Faith and Communion

This is an example of why the pope is saying that we need to keep faith and praxis together. This piece attacking Bishop Robert Baker’s position is an example of the confusion that exists out there. What does it mean to go to communion?

When you get down to it the common view doesn’t even fit the “club” mentality for you would presume if you are a member of a club that you agree with the club’s membership requirements. What I think is at issue for most Catholics who fantasize that communion is being used as a weapon by some bishops is their notion that “communion” has nothing to do with Communion–that we are free to remain individuals with our own opinions about everything and then just present ourselves at the take-out rail for Jesus–without any conversion on our part!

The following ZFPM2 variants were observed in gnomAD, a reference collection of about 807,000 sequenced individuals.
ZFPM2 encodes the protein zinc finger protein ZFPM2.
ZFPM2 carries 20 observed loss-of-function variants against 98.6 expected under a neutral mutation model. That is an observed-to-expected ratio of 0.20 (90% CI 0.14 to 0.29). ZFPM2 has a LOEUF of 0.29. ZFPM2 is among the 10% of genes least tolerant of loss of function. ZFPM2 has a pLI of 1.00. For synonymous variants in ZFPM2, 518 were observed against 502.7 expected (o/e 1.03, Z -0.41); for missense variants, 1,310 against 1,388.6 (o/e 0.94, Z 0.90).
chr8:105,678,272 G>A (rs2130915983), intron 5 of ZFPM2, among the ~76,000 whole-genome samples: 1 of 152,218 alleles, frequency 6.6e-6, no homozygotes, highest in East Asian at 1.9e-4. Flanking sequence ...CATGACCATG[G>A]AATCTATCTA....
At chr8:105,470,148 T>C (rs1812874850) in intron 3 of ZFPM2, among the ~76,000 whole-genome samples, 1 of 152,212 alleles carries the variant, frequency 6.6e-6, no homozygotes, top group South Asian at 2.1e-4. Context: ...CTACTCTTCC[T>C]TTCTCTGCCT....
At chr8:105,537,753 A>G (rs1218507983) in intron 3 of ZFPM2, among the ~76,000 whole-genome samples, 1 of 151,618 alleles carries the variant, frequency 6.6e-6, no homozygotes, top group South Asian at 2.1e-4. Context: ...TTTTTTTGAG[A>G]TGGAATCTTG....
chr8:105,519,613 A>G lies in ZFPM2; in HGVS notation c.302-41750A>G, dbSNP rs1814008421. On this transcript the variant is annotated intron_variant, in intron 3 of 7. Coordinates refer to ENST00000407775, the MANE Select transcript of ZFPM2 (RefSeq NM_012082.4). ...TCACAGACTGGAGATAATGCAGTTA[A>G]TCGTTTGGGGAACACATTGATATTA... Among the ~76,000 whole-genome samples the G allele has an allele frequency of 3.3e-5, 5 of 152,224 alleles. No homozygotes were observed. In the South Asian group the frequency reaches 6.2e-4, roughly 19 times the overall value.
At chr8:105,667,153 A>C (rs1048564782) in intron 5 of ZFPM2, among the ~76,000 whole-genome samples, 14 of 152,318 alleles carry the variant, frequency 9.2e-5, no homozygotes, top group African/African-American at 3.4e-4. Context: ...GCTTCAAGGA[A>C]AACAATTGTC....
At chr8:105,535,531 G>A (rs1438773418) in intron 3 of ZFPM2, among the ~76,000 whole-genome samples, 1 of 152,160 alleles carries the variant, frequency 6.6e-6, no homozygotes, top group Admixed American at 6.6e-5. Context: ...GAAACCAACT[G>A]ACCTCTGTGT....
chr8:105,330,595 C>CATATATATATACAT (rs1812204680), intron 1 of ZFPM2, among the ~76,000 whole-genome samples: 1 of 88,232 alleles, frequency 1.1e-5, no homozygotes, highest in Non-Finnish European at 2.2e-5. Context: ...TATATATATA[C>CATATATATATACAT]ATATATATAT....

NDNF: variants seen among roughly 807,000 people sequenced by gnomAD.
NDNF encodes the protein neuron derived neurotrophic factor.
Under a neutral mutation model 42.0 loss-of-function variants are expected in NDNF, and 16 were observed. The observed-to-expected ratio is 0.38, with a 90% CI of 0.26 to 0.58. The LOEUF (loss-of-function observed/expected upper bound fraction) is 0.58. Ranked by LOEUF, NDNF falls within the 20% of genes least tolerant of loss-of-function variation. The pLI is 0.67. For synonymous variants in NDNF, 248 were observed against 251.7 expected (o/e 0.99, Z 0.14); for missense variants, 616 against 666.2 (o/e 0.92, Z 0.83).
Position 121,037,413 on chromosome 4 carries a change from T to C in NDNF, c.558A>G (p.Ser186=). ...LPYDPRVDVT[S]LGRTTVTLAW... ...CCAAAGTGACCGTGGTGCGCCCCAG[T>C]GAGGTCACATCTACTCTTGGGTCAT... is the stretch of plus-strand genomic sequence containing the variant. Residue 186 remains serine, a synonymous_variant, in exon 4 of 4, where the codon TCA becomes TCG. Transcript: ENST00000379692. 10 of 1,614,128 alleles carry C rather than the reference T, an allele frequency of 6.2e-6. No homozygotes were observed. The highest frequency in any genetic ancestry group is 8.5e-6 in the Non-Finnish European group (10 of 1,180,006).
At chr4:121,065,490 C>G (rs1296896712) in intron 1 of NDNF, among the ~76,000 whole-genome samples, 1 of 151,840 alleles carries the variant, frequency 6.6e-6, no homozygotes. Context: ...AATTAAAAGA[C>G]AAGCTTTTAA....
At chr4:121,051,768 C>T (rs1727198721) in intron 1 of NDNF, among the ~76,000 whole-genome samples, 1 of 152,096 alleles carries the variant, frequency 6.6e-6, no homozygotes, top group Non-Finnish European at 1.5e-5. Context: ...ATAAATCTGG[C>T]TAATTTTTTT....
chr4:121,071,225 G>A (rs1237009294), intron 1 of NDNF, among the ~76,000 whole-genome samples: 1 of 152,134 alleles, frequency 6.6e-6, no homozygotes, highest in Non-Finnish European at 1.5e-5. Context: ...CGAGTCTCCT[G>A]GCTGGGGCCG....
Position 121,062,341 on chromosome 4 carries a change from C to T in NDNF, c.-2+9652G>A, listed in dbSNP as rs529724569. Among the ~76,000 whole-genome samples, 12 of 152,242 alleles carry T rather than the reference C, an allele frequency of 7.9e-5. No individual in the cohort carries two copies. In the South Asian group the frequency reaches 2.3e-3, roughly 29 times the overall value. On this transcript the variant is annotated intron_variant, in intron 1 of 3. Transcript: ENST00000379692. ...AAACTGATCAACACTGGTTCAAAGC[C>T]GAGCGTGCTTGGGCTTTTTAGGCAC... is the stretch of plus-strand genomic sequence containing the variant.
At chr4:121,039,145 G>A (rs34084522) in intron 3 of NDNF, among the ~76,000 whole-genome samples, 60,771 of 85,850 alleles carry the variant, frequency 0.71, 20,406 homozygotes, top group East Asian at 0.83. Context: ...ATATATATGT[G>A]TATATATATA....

I write in my Advent Meditations today about searching out for the lost who Jesus says will perish if they are not brought back into the fold. In some cases we haven’t done enough to seek out the lost, in other cases we haven’t done enough to make some people aware that they are lost.

From The State | 12/07/2004 | Politics and communion

My friend Yvonne walked out of a Catholic church in Charleston and slammed the very heavy door behind her recently. The priest just had told the congregation that worshipers voting for candidates who support abortion rights should not receive communion, although he didn’t propose a Profession of Vote.

Charleston is my hometown, and I usually attend Mass there six or so times a year with my sister and her family. I was in Charleston the week after Yvonne’s exodus, and we commiserated about the latest twist in the Catholic church’s bumpy political ride.

It was my first trip back home since the bishop of Charleston, Robert Baker, announced that politicians who support abortion rights could not receive communion in South Carolina.

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